In recent years, a number of high street shops (such as M&S, Gap and Topshop) have employed "Vanity sizing" as a way to boost sales. This is when the sizing measurements are increased without changing the size on the label so the customer thinks they are fitting into a smaller size than they really are.
The symbolic consumption perspective proposes that consumers consume more than just the physical product that they have bought, but also the symbolic meaning of the product they are buying. It states that this makes purchasing the goods a significant element in the construction and maintenance of the consumers self identity, in the attainment for social status and in attempts to make oneself 'feel better.' (Elliot, 1994; Friese & Koenig, 1993).
I know, from being a girl and hence interacting with girls, that a woman's size, weight and appearance in general is very much a factor in their self-identity and their perceived social status.
According to this theory, a woman buying a dress would help construct her self-identity- this would be a more positive construction if that dress is nearer to the size that they would like to be and hence, they may be more likely to purchase it. It is possible that buying said dress would also make them 'feel better' about them self since they would think they had lost weight/were smaller than the last time they bought a dress and hence they may be more inclined to buy this item that made them feel good.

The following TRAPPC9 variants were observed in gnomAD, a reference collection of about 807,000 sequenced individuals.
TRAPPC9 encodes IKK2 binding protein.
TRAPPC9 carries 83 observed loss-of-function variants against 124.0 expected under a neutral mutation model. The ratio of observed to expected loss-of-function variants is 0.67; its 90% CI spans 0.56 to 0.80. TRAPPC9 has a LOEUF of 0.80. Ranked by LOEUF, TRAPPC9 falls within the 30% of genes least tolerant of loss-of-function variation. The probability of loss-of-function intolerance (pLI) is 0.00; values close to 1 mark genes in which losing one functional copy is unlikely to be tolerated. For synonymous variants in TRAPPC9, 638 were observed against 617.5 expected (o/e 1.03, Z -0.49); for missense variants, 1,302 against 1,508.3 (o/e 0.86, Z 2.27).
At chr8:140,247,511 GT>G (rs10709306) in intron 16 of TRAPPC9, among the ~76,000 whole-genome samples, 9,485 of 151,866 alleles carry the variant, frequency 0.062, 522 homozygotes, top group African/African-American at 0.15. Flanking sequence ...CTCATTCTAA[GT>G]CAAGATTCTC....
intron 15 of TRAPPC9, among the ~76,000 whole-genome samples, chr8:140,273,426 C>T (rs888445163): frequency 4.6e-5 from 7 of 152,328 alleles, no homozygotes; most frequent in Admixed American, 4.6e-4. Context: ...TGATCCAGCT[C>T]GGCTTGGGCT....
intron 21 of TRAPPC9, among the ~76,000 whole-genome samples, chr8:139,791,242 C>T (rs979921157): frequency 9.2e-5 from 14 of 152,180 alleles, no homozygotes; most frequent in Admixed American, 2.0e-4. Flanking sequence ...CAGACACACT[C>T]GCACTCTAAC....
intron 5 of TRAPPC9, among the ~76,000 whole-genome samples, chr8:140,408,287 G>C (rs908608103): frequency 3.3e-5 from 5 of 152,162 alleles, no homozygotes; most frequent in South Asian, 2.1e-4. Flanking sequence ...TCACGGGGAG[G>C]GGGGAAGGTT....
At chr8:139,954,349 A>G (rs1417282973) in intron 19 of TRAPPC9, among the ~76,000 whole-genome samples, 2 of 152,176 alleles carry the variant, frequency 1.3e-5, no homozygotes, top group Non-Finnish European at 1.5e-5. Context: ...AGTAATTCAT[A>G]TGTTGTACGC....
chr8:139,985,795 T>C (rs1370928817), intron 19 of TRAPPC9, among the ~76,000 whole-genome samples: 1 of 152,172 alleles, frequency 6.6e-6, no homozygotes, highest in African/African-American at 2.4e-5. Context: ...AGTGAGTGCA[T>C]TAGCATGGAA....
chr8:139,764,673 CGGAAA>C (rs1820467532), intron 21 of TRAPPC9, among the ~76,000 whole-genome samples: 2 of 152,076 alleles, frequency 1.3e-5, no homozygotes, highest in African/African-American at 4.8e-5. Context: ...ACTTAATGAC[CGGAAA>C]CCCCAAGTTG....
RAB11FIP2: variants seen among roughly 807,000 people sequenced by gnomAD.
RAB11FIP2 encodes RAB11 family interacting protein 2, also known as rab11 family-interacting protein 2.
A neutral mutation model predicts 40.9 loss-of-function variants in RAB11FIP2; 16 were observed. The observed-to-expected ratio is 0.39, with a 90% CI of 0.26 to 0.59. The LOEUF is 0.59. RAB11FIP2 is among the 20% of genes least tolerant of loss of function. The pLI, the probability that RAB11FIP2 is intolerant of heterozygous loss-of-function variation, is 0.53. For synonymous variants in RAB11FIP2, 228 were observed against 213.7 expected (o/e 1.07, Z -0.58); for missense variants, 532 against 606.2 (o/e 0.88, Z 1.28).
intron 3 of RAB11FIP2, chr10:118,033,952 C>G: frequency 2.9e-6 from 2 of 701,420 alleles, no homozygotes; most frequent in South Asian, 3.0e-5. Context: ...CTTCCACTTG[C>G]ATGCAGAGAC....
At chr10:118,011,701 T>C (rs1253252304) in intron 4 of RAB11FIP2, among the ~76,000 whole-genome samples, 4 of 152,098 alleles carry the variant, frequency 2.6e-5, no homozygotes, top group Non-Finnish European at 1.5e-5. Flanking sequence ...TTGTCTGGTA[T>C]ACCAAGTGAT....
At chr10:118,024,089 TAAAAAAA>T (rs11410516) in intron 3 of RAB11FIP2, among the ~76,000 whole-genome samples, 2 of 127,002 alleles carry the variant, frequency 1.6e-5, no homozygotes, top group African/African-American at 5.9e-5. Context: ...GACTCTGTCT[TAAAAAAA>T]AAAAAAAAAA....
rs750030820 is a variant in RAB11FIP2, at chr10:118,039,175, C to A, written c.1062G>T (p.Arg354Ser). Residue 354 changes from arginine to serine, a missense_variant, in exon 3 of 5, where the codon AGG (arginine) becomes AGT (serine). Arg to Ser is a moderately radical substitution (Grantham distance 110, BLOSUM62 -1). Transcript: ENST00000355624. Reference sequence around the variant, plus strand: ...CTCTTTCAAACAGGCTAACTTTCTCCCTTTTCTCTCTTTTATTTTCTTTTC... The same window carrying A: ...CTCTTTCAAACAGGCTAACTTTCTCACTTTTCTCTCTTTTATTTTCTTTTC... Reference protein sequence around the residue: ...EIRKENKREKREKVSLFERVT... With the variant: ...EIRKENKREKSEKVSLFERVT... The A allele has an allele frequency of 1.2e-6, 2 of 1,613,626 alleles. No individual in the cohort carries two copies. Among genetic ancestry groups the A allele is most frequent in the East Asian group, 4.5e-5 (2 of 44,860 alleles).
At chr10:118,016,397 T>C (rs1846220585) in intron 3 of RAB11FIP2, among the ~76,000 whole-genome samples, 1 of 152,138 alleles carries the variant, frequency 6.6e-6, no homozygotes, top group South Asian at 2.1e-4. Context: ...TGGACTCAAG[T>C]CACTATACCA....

I think this is a very intelligent (if a little deceptive and cruel) tactic to employ as so much emphasis is placed on a woman's weight, dress size and general appearance. I know that in the past, I have bought a garment purely because I was proud that I could fit into a size so much smaller than my regular size. I am probably a living example of Vanity Sizing successfully persuading someone to buy!
Elliott, R. (1994). "Addictive consumption: Function and fragmentation in postmodernity."
Journal of Consumer Policy, 17, 159-179.
Friese, S., & Koenig, H. (1993). Shopping for trouble. Advancing the Consumer Interest, 5,